have anything to do with reality. (Remember, although some dot-coms
were created by very bright people who were probably the only ones who
understood what their businesses were about, at some point in their
existence it was the money 'who' started to do the thinking...) Eventually,
some investors did cash in BIG too, but don't let their number be confused
with that of those who were, literally, wiped out from the markets and
even the business world altogether. And, we're not even counting here the
tens of thousands of well-trained, high-performing x-employees whose stocks,
which at one time were "worth" millions of dollars, were also wiped out.
(Sadly enough, today recruiters are telling them that "they're worth
nothing since their current salaries are ZERO!" ...)
Anyway, if you understand that this business concept was applied to
hundreds of companies, than you also understand why businesses with real
market value were caught up in this time-skip, domino effect when they
got stuck with overwhelming volumes of cancelled orders which were
initially "projected" by the dot-coms' "strategists". When the dot-coms
were, finally, relabeled as "dot-downs", the internet equipment makers -
for example - which have established themselves as strong, respected,
market players and, which have earned every credit by working hard and
generating REAL money, had found themselves motionless on thin ice. At
that time, and by no fault of theirs, they were forced to reposition
themselves, unfortunately, on lower levels of a new and turbulent stock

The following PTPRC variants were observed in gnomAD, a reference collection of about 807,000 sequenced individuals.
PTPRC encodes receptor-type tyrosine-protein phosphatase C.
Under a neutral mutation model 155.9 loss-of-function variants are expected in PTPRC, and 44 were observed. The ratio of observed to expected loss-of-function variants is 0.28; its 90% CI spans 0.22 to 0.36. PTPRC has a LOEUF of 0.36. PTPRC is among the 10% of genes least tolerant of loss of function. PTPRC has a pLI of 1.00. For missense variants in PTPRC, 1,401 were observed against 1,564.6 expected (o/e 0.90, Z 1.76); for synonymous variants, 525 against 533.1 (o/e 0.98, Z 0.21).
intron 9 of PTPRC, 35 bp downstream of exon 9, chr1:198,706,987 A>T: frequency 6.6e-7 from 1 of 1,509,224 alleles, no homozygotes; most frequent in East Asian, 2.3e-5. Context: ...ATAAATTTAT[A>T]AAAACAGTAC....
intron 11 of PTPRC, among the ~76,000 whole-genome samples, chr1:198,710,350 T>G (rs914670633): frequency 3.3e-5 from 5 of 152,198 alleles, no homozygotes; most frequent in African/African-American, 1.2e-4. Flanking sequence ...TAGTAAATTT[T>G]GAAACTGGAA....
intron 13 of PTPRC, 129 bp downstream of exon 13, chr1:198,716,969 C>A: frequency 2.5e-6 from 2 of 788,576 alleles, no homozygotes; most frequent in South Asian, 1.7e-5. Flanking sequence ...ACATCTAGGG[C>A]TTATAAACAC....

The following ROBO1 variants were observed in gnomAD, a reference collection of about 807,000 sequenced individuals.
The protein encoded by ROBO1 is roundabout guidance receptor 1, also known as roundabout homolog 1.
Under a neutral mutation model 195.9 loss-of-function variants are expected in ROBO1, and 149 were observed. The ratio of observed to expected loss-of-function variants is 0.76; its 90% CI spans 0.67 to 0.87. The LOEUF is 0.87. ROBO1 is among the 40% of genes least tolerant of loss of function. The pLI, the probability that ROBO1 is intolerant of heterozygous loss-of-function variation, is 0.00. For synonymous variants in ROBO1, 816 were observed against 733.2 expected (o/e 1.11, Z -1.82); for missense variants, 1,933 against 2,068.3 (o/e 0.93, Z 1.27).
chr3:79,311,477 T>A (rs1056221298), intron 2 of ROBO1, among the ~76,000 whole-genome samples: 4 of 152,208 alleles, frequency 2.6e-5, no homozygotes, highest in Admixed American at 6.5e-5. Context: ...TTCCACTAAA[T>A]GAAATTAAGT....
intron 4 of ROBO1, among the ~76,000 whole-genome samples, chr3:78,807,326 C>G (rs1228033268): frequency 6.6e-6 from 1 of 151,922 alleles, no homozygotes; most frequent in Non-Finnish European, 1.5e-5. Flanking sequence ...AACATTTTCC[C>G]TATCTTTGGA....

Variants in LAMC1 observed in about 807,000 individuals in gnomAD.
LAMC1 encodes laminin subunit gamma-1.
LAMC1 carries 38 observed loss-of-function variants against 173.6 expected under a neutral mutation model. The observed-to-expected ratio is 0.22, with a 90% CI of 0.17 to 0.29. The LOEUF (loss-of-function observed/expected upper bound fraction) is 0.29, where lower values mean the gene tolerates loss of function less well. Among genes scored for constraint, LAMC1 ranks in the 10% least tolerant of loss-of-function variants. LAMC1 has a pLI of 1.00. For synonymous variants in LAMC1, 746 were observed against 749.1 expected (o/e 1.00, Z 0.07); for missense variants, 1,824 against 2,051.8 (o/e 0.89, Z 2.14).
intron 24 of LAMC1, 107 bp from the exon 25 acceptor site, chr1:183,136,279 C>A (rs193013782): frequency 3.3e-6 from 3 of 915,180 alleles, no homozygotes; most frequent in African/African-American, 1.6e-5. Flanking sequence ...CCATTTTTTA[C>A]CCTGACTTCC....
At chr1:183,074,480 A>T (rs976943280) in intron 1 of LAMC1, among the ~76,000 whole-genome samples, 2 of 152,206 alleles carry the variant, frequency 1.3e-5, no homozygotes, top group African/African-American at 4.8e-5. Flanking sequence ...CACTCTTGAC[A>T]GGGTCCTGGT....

Still, in fairness to all
and everything, we should understand everything that has happened correctly.
The dot-com era was NOT a dirty, economical
plot engineered in advance by anyone who may have been caught up in
their natural drive to make
more money easier and faster, while sizing some opportunity in what was
a high-tech-favorable-market scenario. No, the people who took part in
creating the dot-com era - and the bases of a new economy - were very
well intended in their actions. Except that they were operating on a new
economic scenario where speculation prevailed logic. So, in the end, they
did learn, sorted things out, and set the grounds for a true new e-conomy.
Without them, their efforts, and their failure we would not have the
knowledge we have today, we sould not be where we are today.
So, when the dot-com-mania started, for anyone with at least a vision
for the future, those decisions seemed to have been the "proper course
of action". For the most part, the people who helped make it all happen
were some of the best and brights at what they were doing and knew very
well their jobs. What they didn't know was that when looking at the
future one can only jump so far ahead of reality. And, how could they
have known it? They weren't taught that in business schools. That kind
of knowledge one only gets at the school of hard knocks. Probably, the
best school on which progress has always been made.
(2) Not ALL
dot-coms failed. You know which ones, not only are still around,
but are in fact, the biggeste companies that have ever been build and
shaped our lives.
The Bottom Line
The dot-com melt-down
which wiped out billions of dollars in stocks was the result of a
faulty transfer and application of old business rules, habits and
assumptions to new market configurations. It WAS NOT the web sites
(behind those businesses) that created the mess.
Well, this is pretty much it. Of course, you don't have to agree with
me, but this is not the point. The point is that today, your website
and all its online supporting operations ARE your business. Twenty
years ago we didn't know how to make this work; today, we take it for
granted. And, if you still have any doubts about how all this works,
ask any twelve year old kid. S/he'll show. Still, be nice and buy
them an ice cream and a baloon, or something, for their help.